Time off of school leaves breaks in learning



Many students feel burnt out towards the end of the school year calling attention to if their should be more breaks during the school year. https://unsplash.com/license

Ori Rosmarin

As the school year has settled into its final marking period, many students have found themselves struggling with burn out, holding onto the promise of summer break as a life raft amidst the stress.

While winter, spring and summer breaks serve as a time for students and staff to spend time with family relaxing and, in many cases, celebrating religious holidays, many would say that these breaks are vital for students’ and teachers’ mental health.

Child Mind, an organization dedicated to improving children’s mental health, advocates for students to have discretionary mental health days. “Just getting a day off a week, or one day off a month, can be helpful for everyone,” says Dr. Michael Enenbach, Clinical Director of Child Mind.

“We need breaks,” said English teacher Anne Kelterborn. “We need opportunities to reconnect with ourselves and what we’re passionate about so we can move forward.”

The psychiatric service Dr. Messina and Associates explains that spring and winter breaks are beneficial because they allow for mental decompression. These breaks nurture an environment where physical health can be prioritized and allow students to catch up on their out-of-school responsibilities, such as college applications for upperclassmen.

As breaks allow for these well-needed periods of rest, some feel that there should be more implemented in the school year. Students taking classes in semesters opposite of each other feel that their counterpart may have received more break time than they did, as the first semester features both Thanksgiving and winter break while the second semester only has spring break. As such, some students feel at a disadvantage over their counterparts.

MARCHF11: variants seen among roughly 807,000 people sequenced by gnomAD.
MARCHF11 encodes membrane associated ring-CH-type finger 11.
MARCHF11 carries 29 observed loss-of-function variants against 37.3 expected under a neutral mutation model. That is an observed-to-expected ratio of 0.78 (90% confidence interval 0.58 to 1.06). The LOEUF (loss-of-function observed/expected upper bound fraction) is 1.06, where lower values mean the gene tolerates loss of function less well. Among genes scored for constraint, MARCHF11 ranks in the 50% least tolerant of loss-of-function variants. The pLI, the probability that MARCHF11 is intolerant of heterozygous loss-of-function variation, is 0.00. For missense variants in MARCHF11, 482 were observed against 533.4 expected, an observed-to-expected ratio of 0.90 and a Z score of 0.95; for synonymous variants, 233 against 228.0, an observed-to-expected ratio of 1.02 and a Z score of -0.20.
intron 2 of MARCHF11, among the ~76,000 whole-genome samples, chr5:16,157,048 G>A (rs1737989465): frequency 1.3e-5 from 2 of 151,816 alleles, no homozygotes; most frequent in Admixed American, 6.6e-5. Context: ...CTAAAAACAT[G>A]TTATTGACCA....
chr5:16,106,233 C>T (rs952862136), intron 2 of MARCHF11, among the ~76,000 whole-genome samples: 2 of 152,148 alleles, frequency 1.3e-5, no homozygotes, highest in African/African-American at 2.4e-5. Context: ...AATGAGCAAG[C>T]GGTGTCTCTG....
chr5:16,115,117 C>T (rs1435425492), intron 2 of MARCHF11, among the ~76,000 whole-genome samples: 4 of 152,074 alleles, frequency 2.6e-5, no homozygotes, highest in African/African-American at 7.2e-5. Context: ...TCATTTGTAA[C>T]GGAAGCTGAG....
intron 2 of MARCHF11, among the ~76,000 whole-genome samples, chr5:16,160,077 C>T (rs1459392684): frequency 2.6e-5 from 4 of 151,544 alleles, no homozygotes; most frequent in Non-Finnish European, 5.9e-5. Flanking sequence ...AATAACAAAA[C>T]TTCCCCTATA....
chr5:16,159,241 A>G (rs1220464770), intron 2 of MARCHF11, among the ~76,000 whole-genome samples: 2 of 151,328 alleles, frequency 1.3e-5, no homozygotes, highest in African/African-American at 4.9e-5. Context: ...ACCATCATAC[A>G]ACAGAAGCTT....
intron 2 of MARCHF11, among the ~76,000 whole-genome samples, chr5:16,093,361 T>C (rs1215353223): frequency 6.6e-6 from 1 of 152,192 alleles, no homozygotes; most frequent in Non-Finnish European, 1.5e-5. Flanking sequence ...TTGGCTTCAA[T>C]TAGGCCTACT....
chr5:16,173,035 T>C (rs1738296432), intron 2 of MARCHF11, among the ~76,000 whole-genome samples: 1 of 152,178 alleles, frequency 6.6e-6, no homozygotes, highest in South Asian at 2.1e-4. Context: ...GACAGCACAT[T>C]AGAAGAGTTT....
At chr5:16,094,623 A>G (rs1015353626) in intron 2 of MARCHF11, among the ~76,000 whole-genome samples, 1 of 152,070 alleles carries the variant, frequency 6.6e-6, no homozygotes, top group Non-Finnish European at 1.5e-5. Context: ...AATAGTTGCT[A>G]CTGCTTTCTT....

While Principal James Gleason understands the sentiment behind school breaks in-between marking periods to compensate, he explains that such an idea would be impossible.

“You do have to provide balance for the teachers to cover their curriculum,” Gleason said. “Breaks have always been right around religious holidays.”

Diving straight into a new marking period less than 24 hours after completing midterms can be a draining and unmotivating process. Not only do students deserve a day to reset and collect themselves, but Kelterborn says that teachers would strongly benefit from a day to grade assessments and establish new lesson plans.

“It’s really hard to go back to school after having stressful midterms,” said freshman Madison Demaree of Ocean Township. “I think breaks give students more motivation to study.”

Kelterborn agreed, suggesting a day free from classes directly following the end of exams.

“It gives teachers time to assess the exams and or prepare for the next group of students they’re getting,” Kelterborn said. “It also gives students time to recharge after taking the exams.”

School breaks are not only helpful for students hoping to catch a break from seemingly endless assignments, they’re vital for maintaining mental clarity and improving general health.